Thursday, March 29, 2012

Velcro Beach

Vero Beach's nickname is "Velcro Beach" for cruisers.   We are moored at the city marina in a quiet bay in the Indian River between the mainland and Orchid Island with Miami 150 nm behind us.  We've watched dolphins burst out of the water hunting for food and manatees flip their paddle tails as they bob around the boat.  We are surrounded by herons and pelicans and plan to rent kayaks to explore the mangroves and channel islands.  


The marina has excellent facilities (showers, laundry, lounge, fuel) and a free municipal bus stops every half hour to take us to shopping, parks, and great restaurants.  The sparsely populated beach is a 15 minute walk away through quiet neighbourhoods.  From here we will rent a car on the weekend to catch the last 2 spring training baseball games at Space Coast Stadium, home of the Washington Nationals.  

We left the boatyard at Riviera, Beach last Saturday with Vero Beach as our destination, expecting to take 2 days for the 60 mile trip up the Intracoastal Waterway.  On the advice of a boatyard worker, we instead headed back out to the ocean 3 miles off shore and caught the glorious Gulf Stream north.  It gave us an extra couple of knots and with the wind behind us, we covered twice the distance we expected, averaging 9 knots and arriving at Vero Beach late in the afternoon.  

We also sailed which gave us the chance to test all of our new fixes which included some maintenance to our furlers, the drums that roll our forward sails open and closed.  Although we were a month in the boatyard, it was well worth it and Alberta Crewed feels like a new boat.  I concur with other cruisers who say that it takes at least a year to work out the kinks and get to know your boat. Things as simple as tightened life lines (the parallel cables around the deck that sag over time) and polished stainless steel compliment the purring engines and quiet fridge that hardly runs anymore because it is so cold.  Our maintenance list also included the following:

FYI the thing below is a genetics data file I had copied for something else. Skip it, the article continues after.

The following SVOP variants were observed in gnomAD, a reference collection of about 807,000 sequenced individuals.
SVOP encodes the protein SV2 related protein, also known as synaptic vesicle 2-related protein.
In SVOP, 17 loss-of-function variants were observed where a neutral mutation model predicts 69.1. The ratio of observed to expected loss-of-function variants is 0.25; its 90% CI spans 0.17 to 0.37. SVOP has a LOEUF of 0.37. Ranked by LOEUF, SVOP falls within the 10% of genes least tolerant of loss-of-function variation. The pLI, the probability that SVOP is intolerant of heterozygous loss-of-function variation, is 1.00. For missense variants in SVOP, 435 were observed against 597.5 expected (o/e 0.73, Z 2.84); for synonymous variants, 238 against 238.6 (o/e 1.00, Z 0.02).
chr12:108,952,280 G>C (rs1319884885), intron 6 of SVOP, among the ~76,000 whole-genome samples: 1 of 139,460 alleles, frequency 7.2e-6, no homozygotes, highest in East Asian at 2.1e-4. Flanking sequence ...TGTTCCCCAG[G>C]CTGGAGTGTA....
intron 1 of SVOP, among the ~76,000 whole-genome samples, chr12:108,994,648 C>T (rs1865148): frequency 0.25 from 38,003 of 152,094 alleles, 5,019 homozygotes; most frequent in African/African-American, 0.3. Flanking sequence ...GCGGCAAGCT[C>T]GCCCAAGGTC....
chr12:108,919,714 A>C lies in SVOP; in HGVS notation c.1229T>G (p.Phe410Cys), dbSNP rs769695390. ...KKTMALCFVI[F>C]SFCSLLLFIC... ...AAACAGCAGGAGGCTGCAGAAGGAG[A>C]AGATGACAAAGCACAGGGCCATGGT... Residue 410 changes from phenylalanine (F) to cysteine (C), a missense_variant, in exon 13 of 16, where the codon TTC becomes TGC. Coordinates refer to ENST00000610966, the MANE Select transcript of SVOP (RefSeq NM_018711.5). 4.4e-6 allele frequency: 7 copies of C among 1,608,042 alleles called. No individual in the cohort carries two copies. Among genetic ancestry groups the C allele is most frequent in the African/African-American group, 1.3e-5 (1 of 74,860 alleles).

- replaced all of our halogen lights with LED's
- repaired loose wires in SSB radio
- switched tri-light switch at the helm (anchor light switch was too close and having the two turned on at the same time can damage the tri-light)
- added an electronic anchor chain counter
- polished the fuel (we were surprised that it was actually quite clean)
- wired the water maker through the inverter to be able to run off of the engines and not the generator

The Atlantic Intracoastal Waterway is another new experience for us.  It is a 1200 mile long channel from Key West in southern Florida to Norfolk, West Virginia.  This series of  rivers, lakes, lagoons, and dredged channels, are protected from the open ocean by long spits and islands.  It is a water highway and we are diligent about working with the heavy currents and avoiding shallow waters.  Shifting sand shoals can make navigation charts somewhat unreliable so we are careful to travel during the day and are learning to avoid the heavy weekend traffic.  Our destination is North Carolina where we plan to leave the boat for the summer.  In the meantime, we are pleasantly stuck here in Velcro Beach.

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